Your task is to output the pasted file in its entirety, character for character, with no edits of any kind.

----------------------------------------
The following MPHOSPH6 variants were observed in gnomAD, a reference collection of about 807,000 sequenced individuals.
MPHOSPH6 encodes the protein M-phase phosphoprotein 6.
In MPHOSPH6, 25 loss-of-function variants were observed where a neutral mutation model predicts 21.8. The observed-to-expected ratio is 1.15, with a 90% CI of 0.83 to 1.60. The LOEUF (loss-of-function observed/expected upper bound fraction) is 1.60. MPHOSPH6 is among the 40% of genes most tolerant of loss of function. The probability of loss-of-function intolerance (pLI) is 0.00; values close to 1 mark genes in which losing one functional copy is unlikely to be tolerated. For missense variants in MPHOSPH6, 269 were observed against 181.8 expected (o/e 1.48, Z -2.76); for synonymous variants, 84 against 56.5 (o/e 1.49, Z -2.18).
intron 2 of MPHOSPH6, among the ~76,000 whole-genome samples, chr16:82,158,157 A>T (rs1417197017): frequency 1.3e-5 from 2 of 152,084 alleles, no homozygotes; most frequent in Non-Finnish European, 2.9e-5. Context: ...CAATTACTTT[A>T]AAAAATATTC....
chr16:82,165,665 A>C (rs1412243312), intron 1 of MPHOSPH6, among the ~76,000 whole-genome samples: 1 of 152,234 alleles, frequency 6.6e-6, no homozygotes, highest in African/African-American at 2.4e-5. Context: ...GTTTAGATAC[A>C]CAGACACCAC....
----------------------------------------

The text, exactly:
The following MPHOSPH6 variants were observed in gnomAD, a reference collection of about 807,000 sequenced individuals.
MPHOSPH6 encodes the protein M-phase phosphoprotein 6.
In MPHOSPH6, 25 loss-of-function variants were observed where a neutral mutation model predicts 21.8. The observed-to-expected ratio is 1.15, with a 90% CI of 0.83 to 1.60. The LOEUF (loss-of-function observed/expected upper bound fraction) is 1.60. MPHOSPH6 is among the 40% of genes most tolerant of loss of function. The probability of loss-of-function intolerance (pLI) is 0.00; values close to 1 mark genes in which losing one functional copy is unlikely to be tolerated. For missense variants in MPHOSPH6, 269 were observed against 181.8 expected (o/e 1.48, Z -2.76); for synonymous variants, 84 against 56.5 (o/e 1.49, Z -2.18).
intron 2 of MPHOSPH6, among the ~76,000 whole-genome samples, chr16:82,158,157 A>T (rs1417197017): frequency 1.3e-5 from 2 of 152,084 alleles, no homozygotes; most frequent in Non-Finnish European, 2.9e-5. Context: ...CAATTACTTT[A>T]AAAAATATTC....
chr16:82,165,665 A>C (rs1412243312), intron 1 of MPHOSPH6, among the ~76,000 whole-genome samples: 1 of 152,234 alleles, frequency 6.6e-6, no homozygotes, highest in African/African-American at 2.4e-5. Context: ...GTTTAGATAC[A>C]CAGACACCAC....